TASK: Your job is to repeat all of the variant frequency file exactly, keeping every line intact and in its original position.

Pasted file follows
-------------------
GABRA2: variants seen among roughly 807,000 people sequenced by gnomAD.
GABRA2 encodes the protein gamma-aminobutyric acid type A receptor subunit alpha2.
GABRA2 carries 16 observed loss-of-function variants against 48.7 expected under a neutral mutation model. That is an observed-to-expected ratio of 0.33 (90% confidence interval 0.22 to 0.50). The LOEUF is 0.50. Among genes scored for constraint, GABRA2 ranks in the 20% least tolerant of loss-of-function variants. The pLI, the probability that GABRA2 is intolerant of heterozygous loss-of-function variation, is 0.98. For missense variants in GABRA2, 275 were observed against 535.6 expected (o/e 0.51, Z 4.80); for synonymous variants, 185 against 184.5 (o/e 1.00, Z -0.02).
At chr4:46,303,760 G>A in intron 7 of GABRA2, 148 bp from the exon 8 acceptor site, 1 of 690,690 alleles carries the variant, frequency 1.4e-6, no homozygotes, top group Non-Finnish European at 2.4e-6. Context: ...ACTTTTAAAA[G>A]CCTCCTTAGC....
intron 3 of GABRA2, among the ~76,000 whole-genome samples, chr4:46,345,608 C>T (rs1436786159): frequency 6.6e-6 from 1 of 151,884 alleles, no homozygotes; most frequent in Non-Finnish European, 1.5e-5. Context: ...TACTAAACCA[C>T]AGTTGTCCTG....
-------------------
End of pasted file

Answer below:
GABRA2: variants seen among roughly 807,000 people sequenced by gnomAD.
GABRA2 encodes the protein gamma-aminobutyric acid type A receptor subunit alpha2.
GABRA2 carries 16 observed loss-of-function variants against 48.7 expected under a neutral mutation model. That is an observed-to-expected ratio of 0.33 (90% confidence interval 0.22 to 0.50). The LOEUF is 0.50. Among genes scored for constraint, GABRA2 ranks in the 20% least tolerant of loss-of-function variants. The pLI, the probability that GABRA2 is intolerant of heterozygous loss-of-function variation, is 0.98. For missense variants in GABRA2, 275 were observed against 535.6 expected (o/e 0.51, Z 4.80); for synonymous variants, 185 against 184.5 (o/e 1.00, Z -0.02).
At chr4:46,303,760 G>A in intron 7 of GABRA2, 148 bp from the exon 8 acceptor site, 1 of 690,690 alleles carries the variant, frequency 1.4e-6, no homozygotes, top group Non-Finnish European at 2.4e-6. Context: ...ACTTTTAAAA[G>A]CCTCCTTAGC....
intron 3 of GABRA2, among the ~76,000 whole-genome samples, chr4:46,345,608 C>T (rs1436786159): frequency 6.6e-6 from 1 of 151,884 alleles, no homozygotes; most frequent in Non-Finnish European, 1.5e-5. Context: ...TACTAAACCA[C>T]AGTTGTCCTG....